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Creative gift wrapping with furoshiki

If you've always loved wrapping presents, tying them up with a bow, only to heave a sigh when the paper lies crumpled on the floor, then creative, eco-friendly furoshiki just may be the answer. Instead of colored paper, a silk scarf... a gift wrapped in a gift. What better answer to the universal urge to put the ribbon in your hair? Follow us as we explore the ancient Japanese art of furoshiki and discover several novel ways to wrap items in fabric.

Japanese gift wrapping ideas furoshiki

What is furoshiki

The Japanese word furoshiki (風呂敷) refers to a square piece of cloth used for wrapping, carrying or storing all sorts of items.

It traces back to the Edo period (1600–1688) when public bath houses, or sentó, began appearing in cities throughout Japan. Bathers carried their belongings and a clean set of clothes wrapped in a neat bundle in just such a square cloth, which also came in handy for standing on while changing.

Japanese gift wrapping ideas furoshiki

The word is a compound of two parts:

1. furo (the first two characters) means bath

2. shiki (the third character) is a form of the verb shiku, which means to lay out  

Essentially, furoshiki is an ordinary scarf that took on this special name due to its particular use. They usually come in a 28-inch square (70 x 70 cm) or an 18-inch square (45 x 45 cm).

We'll take a closer look at the history of furoshiki at the end of this article. Now let's get wrapping!

Why wrap gifts in a scarf?

  • The wrapper is a gift in itself. Choose a scarf that the receiver can use once they've unwrapped their present, maybe in their favorite color or print.
  • It is beautiful and eco-friendly. Hate to see all that wrapping paper go to waste? A scarf is something that lasts.
  • It won't rip or crease like paper. It's much easier to wrap with fabric. If you don't get it right the first time and you wrinkle or crease the scarf, just iron it out and start over.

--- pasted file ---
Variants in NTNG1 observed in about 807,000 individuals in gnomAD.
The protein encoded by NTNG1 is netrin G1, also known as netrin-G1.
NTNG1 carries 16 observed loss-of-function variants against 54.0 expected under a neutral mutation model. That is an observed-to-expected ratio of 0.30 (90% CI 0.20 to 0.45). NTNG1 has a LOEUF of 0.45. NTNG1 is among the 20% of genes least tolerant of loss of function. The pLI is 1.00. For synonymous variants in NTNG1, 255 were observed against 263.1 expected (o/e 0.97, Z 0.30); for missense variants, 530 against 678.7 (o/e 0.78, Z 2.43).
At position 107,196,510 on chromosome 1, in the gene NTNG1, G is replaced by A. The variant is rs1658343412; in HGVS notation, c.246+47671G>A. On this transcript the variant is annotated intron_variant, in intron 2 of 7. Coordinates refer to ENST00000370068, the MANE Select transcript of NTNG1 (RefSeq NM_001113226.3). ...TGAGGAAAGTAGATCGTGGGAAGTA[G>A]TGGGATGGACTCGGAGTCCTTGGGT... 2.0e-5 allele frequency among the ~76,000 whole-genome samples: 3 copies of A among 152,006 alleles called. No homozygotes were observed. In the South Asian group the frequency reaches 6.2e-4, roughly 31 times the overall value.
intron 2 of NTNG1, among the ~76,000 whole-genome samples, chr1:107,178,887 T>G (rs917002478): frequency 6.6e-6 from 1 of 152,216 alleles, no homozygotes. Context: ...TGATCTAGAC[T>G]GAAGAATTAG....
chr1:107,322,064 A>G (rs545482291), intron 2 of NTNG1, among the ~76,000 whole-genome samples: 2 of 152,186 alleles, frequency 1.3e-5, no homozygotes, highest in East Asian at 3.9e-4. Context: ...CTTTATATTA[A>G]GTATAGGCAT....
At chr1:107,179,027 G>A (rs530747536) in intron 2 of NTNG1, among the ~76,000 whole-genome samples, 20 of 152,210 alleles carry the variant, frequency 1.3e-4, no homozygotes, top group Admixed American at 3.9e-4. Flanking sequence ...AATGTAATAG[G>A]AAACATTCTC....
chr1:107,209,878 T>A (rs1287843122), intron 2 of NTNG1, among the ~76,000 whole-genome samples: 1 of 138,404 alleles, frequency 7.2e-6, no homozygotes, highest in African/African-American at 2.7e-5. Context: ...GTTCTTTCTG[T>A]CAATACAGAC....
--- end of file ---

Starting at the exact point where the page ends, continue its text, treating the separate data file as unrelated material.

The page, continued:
• It wraps any shape. Our tutorial will show you how to elegantly wrap items with corners (like a book), round boxes, even a bottle of wine.
Japanese gift wrapping ideas furoshiki

Best fabrics for furoshiki

You can wrap a gift in just about any square scarf. It can even be a sturdy fabric. Choose your size based on what you're wrapping.

Want to sew a furoshiki scarf yourself? There's nothing easier. If you need a little help, see our step-by-step guide to sewing a silk scarf.

For extra effect, try using a two-toned scarf in contrasting or complimentary colors. A good fabric for this sort of scarf would be silk habotai or a silk-blend voile.

How to wrap a box

Let's start with the most basic furoshiki wrapping method. You can use it to wrap a rectangular, oval, or round box. We will finish with a traditional mamusubi knot

  1. Lay the box in the center of the scarf.
  2. Fold over the upper and lower corners to almost touch the box. Then fold them over the box as shown in the video.
  3. Take the left and right corners and make a triangle. Then fold the corners over the box as shown in the video. You can include a flower or sprig as decoration.
  4. Tie in a traditional mamusubi knot.

See a demonstration in the video below:


Method 2: How to wrap a bottle

Furoshiki also easily handles odd shapes, like a bottle. Once again, we'll use the mamusubi knot that we learned in the previous video.